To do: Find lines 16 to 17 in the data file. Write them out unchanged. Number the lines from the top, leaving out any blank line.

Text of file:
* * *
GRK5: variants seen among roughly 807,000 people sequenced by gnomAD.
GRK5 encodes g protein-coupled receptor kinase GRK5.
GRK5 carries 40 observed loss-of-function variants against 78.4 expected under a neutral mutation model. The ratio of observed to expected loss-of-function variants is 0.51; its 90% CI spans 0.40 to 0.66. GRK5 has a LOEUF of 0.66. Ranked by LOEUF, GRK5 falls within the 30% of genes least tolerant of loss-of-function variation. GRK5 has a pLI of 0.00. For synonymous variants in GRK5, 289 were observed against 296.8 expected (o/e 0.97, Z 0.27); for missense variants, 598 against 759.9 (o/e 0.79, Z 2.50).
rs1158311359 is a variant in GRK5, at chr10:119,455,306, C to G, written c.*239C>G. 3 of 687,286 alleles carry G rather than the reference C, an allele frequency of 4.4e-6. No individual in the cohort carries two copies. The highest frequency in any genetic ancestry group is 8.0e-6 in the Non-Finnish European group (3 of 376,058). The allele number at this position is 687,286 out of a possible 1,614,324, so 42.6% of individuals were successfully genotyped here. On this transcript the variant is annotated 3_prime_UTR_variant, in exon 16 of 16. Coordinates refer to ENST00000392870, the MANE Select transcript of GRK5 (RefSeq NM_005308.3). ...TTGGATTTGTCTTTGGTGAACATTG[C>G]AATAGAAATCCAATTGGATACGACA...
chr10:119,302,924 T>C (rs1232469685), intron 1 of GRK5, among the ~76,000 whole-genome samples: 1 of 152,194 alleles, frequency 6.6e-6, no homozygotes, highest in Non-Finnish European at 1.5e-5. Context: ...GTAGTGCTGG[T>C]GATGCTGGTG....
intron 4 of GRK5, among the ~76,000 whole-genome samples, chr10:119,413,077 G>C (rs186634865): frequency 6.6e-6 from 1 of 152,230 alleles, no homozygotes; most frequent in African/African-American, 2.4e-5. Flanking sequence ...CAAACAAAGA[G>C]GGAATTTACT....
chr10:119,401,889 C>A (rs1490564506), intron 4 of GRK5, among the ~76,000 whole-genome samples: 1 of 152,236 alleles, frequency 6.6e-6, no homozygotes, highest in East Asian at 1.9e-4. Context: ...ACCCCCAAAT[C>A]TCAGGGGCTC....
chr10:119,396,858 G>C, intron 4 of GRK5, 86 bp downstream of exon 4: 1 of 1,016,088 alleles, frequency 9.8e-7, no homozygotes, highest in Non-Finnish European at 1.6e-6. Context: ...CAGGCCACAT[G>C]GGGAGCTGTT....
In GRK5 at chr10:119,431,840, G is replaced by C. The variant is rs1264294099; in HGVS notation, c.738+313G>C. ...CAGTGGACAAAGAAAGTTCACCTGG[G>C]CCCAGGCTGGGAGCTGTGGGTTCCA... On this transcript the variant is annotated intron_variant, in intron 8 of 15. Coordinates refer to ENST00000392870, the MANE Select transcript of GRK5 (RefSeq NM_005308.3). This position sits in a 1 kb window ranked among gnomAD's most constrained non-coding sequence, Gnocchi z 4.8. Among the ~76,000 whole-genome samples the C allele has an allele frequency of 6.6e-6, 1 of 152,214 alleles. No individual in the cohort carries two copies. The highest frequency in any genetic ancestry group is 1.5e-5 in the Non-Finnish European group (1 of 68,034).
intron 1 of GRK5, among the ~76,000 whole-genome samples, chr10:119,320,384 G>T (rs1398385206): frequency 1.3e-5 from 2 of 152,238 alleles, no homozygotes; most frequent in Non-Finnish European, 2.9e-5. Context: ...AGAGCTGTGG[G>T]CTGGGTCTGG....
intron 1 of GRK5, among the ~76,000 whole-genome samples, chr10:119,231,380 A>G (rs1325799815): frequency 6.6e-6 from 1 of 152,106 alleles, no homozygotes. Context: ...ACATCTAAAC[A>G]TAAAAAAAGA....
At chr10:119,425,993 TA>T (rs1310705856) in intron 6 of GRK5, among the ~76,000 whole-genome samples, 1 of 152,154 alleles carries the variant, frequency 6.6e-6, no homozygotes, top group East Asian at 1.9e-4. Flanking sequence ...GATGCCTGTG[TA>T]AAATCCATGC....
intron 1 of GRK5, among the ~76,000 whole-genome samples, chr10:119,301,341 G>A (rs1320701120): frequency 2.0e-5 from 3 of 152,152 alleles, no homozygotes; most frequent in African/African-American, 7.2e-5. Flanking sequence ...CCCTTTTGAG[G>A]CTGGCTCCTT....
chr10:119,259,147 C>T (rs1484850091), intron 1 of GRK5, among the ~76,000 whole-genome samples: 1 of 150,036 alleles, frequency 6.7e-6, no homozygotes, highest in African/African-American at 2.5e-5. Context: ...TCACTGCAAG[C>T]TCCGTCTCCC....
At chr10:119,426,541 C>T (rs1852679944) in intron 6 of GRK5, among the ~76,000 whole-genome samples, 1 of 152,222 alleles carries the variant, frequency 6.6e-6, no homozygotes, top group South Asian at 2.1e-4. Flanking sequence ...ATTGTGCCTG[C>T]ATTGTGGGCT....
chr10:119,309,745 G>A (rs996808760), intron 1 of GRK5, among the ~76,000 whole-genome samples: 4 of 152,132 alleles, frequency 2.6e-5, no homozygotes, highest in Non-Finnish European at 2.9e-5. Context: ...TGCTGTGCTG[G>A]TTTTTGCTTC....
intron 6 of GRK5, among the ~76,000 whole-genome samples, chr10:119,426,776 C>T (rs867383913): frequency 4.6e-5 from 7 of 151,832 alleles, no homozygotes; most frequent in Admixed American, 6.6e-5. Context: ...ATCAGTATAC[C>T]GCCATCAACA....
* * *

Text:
chr10:119,309,745 G>A (rs996808760), intron 1 of GRK5, among the ~76,000 whole-genome samples: 4 of 152,132 alleles, frequency 2.6e-5, no homozygotes, highest in Non-Finnish European at 2.9e-5. Context: ...TGCTGTGCTG[G>A]TTTTTGCTTC....
intron 6 of GRK5, among the ~76,000 whole-genome samples, chr10:119,426,776 C>T (rs867383913): frequency 4.6e-5 from 7 of 151,832 alleles, no homozygotes; most frequent in Admixed American, 6.6e-5. Context: ...ATCAGTATAC[C>T]GCCATCAACA....